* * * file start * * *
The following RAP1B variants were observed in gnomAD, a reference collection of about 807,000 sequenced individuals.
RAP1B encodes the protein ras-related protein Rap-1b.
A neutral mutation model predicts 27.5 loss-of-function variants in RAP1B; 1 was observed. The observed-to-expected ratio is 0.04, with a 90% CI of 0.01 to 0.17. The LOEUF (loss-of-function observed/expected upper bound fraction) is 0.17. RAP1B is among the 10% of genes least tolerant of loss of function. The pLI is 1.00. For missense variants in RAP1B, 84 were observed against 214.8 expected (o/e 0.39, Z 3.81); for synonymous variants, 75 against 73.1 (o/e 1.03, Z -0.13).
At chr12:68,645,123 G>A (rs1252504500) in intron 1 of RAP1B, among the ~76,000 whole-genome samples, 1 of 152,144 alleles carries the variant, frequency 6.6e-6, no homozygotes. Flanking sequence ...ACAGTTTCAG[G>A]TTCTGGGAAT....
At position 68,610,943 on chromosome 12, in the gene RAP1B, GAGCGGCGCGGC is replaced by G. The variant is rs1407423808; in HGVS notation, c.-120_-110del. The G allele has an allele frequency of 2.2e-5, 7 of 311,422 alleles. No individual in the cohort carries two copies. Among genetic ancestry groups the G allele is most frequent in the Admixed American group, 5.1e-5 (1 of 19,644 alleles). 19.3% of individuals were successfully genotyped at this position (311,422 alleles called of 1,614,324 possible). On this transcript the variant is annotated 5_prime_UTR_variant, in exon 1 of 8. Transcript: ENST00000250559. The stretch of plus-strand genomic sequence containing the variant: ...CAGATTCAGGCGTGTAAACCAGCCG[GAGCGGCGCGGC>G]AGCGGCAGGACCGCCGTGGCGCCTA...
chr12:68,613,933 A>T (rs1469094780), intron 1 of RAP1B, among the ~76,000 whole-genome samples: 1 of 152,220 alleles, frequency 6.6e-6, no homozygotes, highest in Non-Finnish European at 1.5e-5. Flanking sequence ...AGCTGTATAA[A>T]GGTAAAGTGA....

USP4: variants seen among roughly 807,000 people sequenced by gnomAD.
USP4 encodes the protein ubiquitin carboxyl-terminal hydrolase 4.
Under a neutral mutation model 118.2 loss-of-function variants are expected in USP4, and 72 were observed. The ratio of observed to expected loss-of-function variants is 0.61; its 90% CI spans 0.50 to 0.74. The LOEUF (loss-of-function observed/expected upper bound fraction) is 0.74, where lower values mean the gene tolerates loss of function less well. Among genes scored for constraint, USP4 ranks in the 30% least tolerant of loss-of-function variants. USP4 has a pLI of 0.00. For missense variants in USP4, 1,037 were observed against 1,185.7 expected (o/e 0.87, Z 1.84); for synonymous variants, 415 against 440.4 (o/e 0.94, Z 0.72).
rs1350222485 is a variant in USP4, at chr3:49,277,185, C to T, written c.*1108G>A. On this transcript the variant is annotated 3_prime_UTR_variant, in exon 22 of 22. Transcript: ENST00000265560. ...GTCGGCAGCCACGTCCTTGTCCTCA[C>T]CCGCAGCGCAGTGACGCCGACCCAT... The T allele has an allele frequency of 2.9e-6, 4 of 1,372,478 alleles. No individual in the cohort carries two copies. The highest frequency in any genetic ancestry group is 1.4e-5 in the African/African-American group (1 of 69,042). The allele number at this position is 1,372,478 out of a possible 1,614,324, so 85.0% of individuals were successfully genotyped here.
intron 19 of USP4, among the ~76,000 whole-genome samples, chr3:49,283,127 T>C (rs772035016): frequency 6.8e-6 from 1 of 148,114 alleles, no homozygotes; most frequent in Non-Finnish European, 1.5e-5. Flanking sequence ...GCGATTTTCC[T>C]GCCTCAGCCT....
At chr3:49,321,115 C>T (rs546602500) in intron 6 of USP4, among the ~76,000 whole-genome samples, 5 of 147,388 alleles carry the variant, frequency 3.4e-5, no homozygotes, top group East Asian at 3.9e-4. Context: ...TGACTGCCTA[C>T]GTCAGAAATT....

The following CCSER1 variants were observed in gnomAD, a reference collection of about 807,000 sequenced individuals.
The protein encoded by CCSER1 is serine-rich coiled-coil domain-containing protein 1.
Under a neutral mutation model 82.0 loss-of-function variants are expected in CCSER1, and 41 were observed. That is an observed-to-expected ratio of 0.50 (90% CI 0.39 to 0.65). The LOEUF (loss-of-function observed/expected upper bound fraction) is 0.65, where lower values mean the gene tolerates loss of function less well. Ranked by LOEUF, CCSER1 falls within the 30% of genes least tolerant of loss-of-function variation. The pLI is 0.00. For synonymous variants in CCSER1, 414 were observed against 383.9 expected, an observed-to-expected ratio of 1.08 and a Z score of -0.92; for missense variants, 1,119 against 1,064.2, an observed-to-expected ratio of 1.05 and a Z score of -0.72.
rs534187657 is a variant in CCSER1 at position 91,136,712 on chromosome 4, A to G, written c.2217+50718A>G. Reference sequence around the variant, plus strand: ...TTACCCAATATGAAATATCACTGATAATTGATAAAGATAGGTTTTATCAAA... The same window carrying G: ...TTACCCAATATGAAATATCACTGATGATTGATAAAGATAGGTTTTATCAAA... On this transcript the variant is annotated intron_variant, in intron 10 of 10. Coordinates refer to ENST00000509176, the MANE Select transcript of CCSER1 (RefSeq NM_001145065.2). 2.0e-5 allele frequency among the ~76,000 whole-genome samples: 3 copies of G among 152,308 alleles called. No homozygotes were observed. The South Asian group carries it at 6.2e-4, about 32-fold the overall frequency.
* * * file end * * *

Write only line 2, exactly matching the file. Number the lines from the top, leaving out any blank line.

RAP1B encodes the protein ras-related protein Rap-1b.